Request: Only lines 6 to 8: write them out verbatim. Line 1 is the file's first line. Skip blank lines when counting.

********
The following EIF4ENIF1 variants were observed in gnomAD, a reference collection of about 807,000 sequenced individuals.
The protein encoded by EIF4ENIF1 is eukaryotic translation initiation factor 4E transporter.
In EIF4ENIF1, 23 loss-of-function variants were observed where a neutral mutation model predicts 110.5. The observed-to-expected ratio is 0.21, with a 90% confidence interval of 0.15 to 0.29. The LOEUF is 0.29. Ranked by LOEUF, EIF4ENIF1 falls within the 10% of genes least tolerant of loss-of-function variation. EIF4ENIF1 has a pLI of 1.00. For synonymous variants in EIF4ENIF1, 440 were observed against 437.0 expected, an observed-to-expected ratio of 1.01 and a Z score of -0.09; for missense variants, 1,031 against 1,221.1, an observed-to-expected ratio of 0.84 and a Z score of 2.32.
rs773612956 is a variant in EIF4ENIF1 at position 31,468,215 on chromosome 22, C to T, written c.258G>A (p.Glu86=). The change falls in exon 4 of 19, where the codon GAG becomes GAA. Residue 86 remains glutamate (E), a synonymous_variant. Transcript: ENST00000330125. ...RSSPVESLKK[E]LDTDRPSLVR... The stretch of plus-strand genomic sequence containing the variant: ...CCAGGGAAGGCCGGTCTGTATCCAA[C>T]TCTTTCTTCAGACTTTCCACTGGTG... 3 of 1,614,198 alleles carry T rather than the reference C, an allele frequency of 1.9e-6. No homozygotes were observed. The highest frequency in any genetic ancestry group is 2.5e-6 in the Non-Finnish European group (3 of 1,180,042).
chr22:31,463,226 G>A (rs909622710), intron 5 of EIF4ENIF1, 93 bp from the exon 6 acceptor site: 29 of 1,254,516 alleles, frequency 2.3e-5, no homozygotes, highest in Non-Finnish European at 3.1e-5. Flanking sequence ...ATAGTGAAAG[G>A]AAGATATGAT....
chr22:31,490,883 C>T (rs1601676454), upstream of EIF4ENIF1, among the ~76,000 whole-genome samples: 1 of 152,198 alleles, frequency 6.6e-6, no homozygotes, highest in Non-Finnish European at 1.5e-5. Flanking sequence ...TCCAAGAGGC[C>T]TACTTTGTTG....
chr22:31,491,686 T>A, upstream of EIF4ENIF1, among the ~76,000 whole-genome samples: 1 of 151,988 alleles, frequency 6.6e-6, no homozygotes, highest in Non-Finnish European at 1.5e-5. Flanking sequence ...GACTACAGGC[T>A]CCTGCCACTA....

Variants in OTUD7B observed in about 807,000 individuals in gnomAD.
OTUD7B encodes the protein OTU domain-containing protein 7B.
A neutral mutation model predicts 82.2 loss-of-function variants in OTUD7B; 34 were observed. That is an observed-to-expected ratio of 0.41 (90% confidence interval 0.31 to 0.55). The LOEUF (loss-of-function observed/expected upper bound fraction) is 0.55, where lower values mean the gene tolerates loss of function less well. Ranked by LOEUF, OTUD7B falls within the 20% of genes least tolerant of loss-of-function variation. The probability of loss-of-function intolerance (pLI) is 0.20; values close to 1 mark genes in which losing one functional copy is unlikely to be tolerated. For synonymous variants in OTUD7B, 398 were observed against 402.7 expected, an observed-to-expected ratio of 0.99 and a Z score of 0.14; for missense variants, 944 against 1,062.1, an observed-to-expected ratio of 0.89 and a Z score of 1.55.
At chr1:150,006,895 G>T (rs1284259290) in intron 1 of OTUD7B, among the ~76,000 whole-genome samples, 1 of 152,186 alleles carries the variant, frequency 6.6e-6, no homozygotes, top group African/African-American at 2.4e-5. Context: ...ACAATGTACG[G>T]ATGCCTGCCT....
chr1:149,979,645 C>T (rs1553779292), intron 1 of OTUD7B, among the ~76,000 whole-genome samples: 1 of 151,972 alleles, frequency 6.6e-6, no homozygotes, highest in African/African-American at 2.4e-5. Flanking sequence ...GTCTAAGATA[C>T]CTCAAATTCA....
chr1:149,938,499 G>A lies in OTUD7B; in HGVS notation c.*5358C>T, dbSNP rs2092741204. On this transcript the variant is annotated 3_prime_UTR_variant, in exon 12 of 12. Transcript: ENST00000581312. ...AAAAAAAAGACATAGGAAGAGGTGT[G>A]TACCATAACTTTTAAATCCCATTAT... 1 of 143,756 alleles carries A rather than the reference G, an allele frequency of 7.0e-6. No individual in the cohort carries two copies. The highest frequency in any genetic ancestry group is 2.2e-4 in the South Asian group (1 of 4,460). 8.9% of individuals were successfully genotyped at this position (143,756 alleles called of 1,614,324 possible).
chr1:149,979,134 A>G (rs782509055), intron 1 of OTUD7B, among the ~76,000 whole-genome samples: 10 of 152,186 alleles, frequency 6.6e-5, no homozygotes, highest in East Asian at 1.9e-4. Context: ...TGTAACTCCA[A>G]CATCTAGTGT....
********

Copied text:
chr22:31,490,883 C>T (rs1601676454), upstream of EIF4ENIF1, among the ~76,000 whole-genome samples: 1 of 152,198 alleles, frequency 6.6e-6, no homozygotes, highest in Non-Finnish European at 1.5e-5. Flanking sequence ...TCCAAGAGGC[C>T]TACTTTGTTG....
chr22:31,491,686 T>A, upstream of EIF4ENIF1, among the ~76,000 whole-genome samples: 1 of 151,988 alleles, frequency 6.6e-6, no homozygotes, highest in Non-Finnish European at 1.5e-5. Flanking sequence ...GACTACAGGC[T>A]CCTGCCACTA....

Variants in OTUD7B observed in about 807,000 individuals in gnomAD.